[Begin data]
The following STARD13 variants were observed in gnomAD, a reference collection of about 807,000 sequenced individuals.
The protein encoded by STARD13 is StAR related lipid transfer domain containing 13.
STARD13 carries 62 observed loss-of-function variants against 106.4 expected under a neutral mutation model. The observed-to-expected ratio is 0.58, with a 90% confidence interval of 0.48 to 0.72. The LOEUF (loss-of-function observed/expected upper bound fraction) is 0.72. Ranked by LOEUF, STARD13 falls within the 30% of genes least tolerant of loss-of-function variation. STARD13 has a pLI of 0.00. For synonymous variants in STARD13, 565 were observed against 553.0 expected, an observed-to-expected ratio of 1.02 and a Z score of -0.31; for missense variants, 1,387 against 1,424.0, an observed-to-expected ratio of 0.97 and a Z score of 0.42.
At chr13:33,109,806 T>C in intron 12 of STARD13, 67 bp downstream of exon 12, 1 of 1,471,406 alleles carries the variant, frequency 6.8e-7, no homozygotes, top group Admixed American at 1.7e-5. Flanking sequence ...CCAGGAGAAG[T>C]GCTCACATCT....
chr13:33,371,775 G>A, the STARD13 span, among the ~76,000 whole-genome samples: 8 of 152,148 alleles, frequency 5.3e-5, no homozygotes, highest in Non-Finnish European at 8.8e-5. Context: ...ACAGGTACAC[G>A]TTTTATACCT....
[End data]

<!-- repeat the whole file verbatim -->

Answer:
The following STARD13 variants were observed in gnomAD, a reference collection of about 807,000 sequenced individuals.
The protein encoded by STARD13 is StAR related lipid transfer domain containing 13.
STARD13 carries 62 observed loss-of-function variants against 106.4 expected under a neutral mutation model. The observed-to-expected ratio is 0.58, with a 90% confidence interval of 0.48 to 0.72. The LOEUF (loss-of-function observed/expected upper bound fraction) is 0.72. Ranked by LOEUF, STARD13 falls within the 30% of genes least tolerant of loss-of-function variation. STARD13 has a pLI of 0.00. For synonymous variants in STARD13, 565 were observed against 553.0 expected, an observed-to-expected ratio of 1.02 and a Z score of -0.31; for missense variants, 1,387 against 1,424.0, an observed-to-expected ratio of 0.97 and a Z score of 0.42.
At chr13:33,109,806 T>C in intron 12 of STARD13, 67 bp downstream of exon 12, 1 of 1,471,406 alleles carries the variant, frequency 6.8e-7, no homozygotes, top group Admixed American at 1.7e-5. Flanking sequence ...CCAGGAGAAG[T>C]GCTCACATCT....
chr13:33,371,775 G>A, the STARD13 span, among the ~76,000 whole-genome samples: 8 of 152,148 alleles, frequency 5.3e-5, no homozygotes, highest in Non-Finnish European at 8.8e-5. Context: ...ACAGGTACAC[G>A]TTTTATACCT....